CS 290C: Formal Models for Web Software
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CS 290C: Formal Models for Web Software Lecture 5: Automated Extraction and Verification of Navigation Behavior Instructor: Tevfik Bultan PowerPoint PPT Presentation


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CS 290C: Formal Models for Web Software Lecture 5: Automated Extraction and Verification of Navigation Behavior Instructor: Tevfik Bultan. Model checking navigation in existing applications.

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CS 290C: Formal Models for Web Software Lecture 5: Automated Extraction and Verification of Navigation Behavior Instructor: Tevfik Bultan

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Cs 290c formal models for web software lecture 5 automated extraction and verification of navigation behavior instructor tevfik bultan

CS 290C: Formal Models for Web Software Lecture 5: Automated Extraction and Verification of Navigation BehaviorInstructor: Tevfik Bultan


Model checking navigation in existing applications

Model checking navigation in existing applications

  • The following papers using model checking techniques to analyze existing web applications without requiring manual specification of navigation models

    • “Automatic Extraction and Verification of Page Transitions in a Web Application,” Atsuto Kubo, Hironori Washizaki, Yoshiaki Fukazawa, APSEC 2007

    • “Verifying Interactive Web Programs,” Daniel R. Licata and Shriram Krishnamurthi, ASE 2004

    • “VeriWeb Automatically Testing Dynamic Sites,” Michael Benedikt, Juliana Freire, Patrice Godefroid, WWW’02


Navigation bugs the orbitz bug

Navigation Bugs: The Orbitz Bug

  • [Step 1] A user enters the desired dates and destination of his flight; he is then presented with a page listing possible flights, including Flight A and Flight B.

  • [Step 2] He clicks a link to open the description of Flight A in a new browser window.

  • [Step 3] Not being particularly enthused about that flight, he returns to the list of flights …

  • [Step 4] and clicks a link to load the description of Flight B, again in a new browser window.

  • [Step 5] Deciding that Flight A was better after all, he switches back to the window still on the screen showing Flight A …

  • [Step 6] and submits the form, causing a page confirming his reservation to be displayed.

  • [Result] Orbitz incorrectly makes a reservation on Flight B.


Navigation properties

Navigation Properties

  • Property that user expects to hold: The data used for computation should always correspond to twhat the user saw on the last page he submitted

  • However, sometimes it may be better to have another property:

    • Amazon property: Once the user selects an item for purchase, it should be contained in his shopping cart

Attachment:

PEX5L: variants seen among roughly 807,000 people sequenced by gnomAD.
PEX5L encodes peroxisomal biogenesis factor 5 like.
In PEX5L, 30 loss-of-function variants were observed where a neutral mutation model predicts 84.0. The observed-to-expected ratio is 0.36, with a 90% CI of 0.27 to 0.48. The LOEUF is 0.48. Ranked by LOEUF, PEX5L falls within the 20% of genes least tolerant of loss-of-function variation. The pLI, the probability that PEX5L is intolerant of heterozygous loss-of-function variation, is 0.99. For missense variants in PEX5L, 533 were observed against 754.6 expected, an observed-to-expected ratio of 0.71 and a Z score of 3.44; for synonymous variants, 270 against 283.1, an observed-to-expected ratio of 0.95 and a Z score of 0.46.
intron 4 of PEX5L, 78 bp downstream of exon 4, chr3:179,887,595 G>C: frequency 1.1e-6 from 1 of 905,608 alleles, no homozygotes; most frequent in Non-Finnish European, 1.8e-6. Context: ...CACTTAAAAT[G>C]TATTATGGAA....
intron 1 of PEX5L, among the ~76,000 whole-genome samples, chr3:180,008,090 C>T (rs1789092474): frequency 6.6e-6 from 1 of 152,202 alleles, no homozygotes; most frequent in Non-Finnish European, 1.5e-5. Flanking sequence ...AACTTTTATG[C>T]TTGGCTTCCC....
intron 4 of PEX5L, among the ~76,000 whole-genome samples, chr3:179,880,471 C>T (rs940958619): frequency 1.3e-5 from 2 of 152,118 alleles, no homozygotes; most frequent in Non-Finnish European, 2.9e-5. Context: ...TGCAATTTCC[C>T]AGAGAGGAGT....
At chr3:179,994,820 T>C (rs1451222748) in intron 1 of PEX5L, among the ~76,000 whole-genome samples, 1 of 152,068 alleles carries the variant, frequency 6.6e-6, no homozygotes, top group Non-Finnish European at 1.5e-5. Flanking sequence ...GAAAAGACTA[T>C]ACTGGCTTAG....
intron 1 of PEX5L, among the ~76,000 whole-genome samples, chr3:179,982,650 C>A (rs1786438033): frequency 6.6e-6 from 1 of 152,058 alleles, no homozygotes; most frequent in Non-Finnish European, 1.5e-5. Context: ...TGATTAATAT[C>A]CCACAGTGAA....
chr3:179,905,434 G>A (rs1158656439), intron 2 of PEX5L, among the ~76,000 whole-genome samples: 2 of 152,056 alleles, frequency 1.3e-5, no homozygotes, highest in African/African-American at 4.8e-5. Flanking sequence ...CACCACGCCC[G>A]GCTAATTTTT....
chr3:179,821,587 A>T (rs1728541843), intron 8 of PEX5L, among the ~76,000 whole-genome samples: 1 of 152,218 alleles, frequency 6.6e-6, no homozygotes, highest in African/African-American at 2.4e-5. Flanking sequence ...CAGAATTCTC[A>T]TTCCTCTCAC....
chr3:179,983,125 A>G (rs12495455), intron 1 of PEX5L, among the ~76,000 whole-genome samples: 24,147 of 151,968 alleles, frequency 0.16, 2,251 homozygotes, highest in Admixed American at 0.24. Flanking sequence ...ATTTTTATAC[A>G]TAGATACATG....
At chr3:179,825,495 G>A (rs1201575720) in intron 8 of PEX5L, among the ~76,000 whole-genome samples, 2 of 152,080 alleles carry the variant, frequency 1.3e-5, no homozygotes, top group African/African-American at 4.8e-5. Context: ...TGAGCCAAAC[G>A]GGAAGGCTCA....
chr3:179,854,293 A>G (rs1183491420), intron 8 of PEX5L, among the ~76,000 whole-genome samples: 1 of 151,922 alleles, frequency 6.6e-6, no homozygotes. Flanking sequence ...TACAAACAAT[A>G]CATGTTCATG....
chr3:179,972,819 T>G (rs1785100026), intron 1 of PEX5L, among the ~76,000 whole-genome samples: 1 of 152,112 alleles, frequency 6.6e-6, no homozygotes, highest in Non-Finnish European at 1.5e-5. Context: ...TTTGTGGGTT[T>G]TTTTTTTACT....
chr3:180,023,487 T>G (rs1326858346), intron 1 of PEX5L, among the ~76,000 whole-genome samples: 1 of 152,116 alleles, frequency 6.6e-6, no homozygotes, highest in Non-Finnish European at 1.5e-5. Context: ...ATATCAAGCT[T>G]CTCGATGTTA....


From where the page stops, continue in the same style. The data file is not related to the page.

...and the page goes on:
• There are other properties that relate to navigation:

    • Password-page property: An authentication page should always be visited before accessing a certain controlled page


Model checking navigation properties

Model checking navigation properties

  • The goal of model checking navigation properties of web applications is to find violations of such navigation properties

  • Model checking exhaustively explores the state space of the application and looks for violations of the state properties


Web application model in struts

Web application model in Struts

  • The application model in Struts framework uses a set of pages and a set of transitions between pages

  • The page generation is separated from the processing

    • Page generation is handled with JSP

    • Processing is handled by action servlets

  • JSP and servlets can be developed independently and the associations between them are made using a configuration file


Web application model in struts1

Web application model in Struts

  • The processing of the user requests is as follows;

    • The user sends form data as a request to the server

    • The server handles the request with and action servlet that makes calls to the business logic

    • The action servlet returns the processing results using a JSP


Navigation behavior in web applications

Navigation behavior in web applications

  • http is a stateless protocol

  • The state information for http sessions is held using

    • session cookies

    • or as part of the URI

  • However, clients can modify this content

    • so the server cannot control what will be the next request that will be sent by the client


Navigation behavior in web applications1

Navigation behavior in web applications

  • In extracting a navigation model, we must decide what type of page transitions we are trying to model

    • In the most general case, we can assume that the user can transition from any page to any other page

    • Or we can allow transitions that only correspond to the links on the pages plus the backward or forward button of the browser